(CBS News) After bowing out from the Republican presidential race Wednesday, former House Speaker Newt Gingrich is no worse off than he was before he ran for president, says CBS News Chief Washington Correspondent Bob Schieffer. Mitt Romney, on the other hand, will likely have to deal with some of Gingrich's less-than-complimentary "sound bites" about him for the remainder of the campaign.
"Gingrich knew from the very beginning that this was a long shot, but he also knew what a lot of other Republicans know, that there are many, many Republicans on the right side of the party who simply don't like Mitt Romney, who don't believe that he is one of them, a true conservative," Schieffer told Charlie Rose Thursday on "CBS This Morning."
So basically, all Newt did was drink beer, take bus rides and give performances. Just living out the rock star dream, I suppose.
Oh. And throwing bombs. Never forget the bombs. The question becomes: what kind of damage has he inflicted on the Romney campaign?
I mean, it's not as though had Newt played nice all primary season long, Mitt would have jumped out to an imposing lead over Obama, and certainly there's plenty of time between now and the election for Obama to jump way ahead of Mitt and annoint his second term.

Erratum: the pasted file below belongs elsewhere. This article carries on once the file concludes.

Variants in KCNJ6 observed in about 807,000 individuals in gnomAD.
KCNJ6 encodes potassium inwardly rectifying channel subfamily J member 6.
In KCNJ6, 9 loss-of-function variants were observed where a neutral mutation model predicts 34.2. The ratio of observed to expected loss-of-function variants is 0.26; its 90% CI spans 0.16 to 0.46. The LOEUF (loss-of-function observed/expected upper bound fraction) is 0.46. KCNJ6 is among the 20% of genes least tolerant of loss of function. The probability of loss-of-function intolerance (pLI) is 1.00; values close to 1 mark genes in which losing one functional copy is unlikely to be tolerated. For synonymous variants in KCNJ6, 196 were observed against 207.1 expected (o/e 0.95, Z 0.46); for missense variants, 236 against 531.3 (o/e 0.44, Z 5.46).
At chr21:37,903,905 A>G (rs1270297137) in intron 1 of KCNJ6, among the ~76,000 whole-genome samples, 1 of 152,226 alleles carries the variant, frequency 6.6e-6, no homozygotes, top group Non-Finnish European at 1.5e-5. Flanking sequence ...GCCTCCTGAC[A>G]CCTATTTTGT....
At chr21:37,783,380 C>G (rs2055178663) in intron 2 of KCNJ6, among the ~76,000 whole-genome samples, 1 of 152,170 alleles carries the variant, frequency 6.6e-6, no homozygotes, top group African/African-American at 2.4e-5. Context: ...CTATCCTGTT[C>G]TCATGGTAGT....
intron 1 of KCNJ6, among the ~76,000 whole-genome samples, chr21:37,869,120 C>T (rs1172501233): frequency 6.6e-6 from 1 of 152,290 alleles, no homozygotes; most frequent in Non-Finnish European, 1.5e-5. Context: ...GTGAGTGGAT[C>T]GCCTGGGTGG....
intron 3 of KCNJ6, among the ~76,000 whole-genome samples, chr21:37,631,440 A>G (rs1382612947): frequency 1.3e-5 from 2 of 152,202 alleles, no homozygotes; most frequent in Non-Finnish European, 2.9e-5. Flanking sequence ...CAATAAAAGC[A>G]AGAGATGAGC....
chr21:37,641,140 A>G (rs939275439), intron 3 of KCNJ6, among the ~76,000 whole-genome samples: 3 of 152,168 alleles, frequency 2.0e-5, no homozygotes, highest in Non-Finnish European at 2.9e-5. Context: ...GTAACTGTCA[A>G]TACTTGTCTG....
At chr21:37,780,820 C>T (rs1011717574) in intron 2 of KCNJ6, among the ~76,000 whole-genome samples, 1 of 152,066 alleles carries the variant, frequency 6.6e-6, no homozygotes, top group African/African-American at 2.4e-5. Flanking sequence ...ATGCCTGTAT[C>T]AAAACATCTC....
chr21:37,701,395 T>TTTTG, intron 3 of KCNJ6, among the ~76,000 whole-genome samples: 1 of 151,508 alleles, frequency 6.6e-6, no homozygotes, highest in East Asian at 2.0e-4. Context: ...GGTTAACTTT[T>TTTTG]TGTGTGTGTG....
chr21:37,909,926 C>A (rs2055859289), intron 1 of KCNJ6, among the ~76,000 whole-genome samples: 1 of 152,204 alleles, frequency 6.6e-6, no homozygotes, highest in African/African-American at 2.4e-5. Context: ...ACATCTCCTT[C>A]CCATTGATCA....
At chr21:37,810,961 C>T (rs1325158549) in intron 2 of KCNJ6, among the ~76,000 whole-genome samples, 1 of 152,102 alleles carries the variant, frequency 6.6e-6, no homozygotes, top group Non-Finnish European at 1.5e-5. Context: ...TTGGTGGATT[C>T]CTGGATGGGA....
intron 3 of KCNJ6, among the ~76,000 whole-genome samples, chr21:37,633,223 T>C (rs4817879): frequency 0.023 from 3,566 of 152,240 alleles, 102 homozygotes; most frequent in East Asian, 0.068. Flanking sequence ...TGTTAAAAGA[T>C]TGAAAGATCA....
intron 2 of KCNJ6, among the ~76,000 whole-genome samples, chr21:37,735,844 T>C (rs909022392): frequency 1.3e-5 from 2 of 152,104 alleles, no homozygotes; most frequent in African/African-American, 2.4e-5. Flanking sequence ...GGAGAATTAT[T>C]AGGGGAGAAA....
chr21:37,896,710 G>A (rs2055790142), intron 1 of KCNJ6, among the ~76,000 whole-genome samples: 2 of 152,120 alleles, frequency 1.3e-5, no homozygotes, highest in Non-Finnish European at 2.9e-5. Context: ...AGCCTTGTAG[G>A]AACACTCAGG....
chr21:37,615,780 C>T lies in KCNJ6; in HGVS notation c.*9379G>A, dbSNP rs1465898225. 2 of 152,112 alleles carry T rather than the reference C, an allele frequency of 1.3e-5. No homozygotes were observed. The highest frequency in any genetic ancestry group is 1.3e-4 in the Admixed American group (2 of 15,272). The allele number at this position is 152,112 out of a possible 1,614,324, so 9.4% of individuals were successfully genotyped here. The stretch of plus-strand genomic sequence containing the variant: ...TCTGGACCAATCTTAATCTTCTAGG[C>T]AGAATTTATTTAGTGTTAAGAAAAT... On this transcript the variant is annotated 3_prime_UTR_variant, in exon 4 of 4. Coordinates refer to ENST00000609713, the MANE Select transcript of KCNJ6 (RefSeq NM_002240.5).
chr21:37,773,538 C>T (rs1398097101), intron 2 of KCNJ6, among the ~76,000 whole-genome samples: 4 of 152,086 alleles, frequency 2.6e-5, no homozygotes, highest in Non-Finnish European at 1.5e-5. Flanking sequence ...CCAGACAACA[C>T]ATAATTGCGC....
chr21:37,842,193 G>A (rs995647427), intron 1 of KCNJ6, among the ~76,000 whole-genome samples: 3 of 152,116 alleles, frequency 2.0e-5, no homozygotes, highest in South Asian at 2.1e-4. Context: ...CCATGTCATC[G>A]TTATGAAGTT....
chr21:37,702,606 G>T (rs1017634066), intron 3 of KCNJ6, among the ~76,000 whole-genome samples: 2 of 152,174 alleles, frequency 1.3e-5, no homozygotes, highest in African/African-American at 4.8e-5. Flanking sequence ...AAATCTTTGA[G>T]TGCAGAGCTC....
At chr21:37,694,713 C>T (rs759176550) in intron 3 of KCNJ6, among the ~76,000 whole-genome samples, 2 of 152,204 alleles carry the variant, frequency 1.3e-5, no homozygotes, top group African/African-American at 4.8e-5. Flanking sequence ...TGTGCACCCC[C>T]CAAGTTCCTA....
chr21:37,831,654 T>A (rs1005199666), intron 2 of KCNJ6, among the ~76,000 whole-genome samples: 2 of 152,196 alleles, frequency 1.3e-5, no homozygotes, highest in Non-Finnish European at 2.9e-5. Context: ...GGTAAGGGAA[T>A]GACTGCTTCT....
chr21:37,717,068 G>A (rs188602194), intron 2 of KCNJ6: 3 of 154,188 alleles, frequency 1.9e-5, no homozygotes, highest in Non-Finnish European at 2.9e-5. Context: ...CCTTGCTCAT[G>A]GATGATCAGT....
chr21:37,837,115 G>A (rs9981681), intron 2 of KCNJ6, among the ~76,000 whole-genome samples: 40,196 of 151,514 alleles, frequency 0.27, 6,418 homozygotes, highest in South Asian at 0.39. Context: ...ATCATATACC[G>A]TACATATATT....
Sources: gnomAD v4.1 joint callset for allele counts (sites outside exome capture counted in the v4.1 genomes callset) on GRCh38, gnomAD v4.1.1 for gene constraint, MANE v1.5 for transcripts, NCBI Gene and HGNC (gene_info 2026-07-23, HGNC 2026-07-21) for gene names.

Newt, however, certainly put a damper on any reasonable attacks Romney might have attempted:
He (ed. note: Gingrich) [...] mercilessly condemned Romney as a man who “can’t be honest,” who “looted a company” and who “doesn’t seem capable of inspiring positive turnout.”
Calling the guy you're about to throw your considerable weight behind a boring, thieving liar is going to leave a lot of raw material for the Obama campaign to construct commercials around.
And you have to know that the Obama camp is dying to pick a fight with the right wing, particularly the uberconservatives, because of their dilletantist demeanor in his first term. He won't want to just beat them, he'll want to stomp a mudhole in them and then do a Mexican Hat Dance around the hole. Using Newt as their conduit will merely serve to make it that much sweeter, despite the fact that Newt all but agreed with the President on the Ryan tax plan.
Still, it was fun to have Gingrich to kick around: Callista's whore diamonds, bouncing checks, the revelation that any hotel room he stays in must have access to two bathrooms, no brown M&Ms in the candy dish...ok, I made that one up, still you get the point.
His withdrawal from the race and Schieffer's revelation that he was half-hearted to begin with, cast a whole new light on Gingrich's candidacy. It points out a positive and a negative.
The positive, of course, is that he was at least realistic that he was tilting at windmills and behaved accordingly. The negative is he disrespected the American (and particularly, Republican) electorate and mocked them with his very presence in the race and his lack of seriousness and discipline in committing to the office.
In a sense, he pre-ordained his failure by ordaining his levity.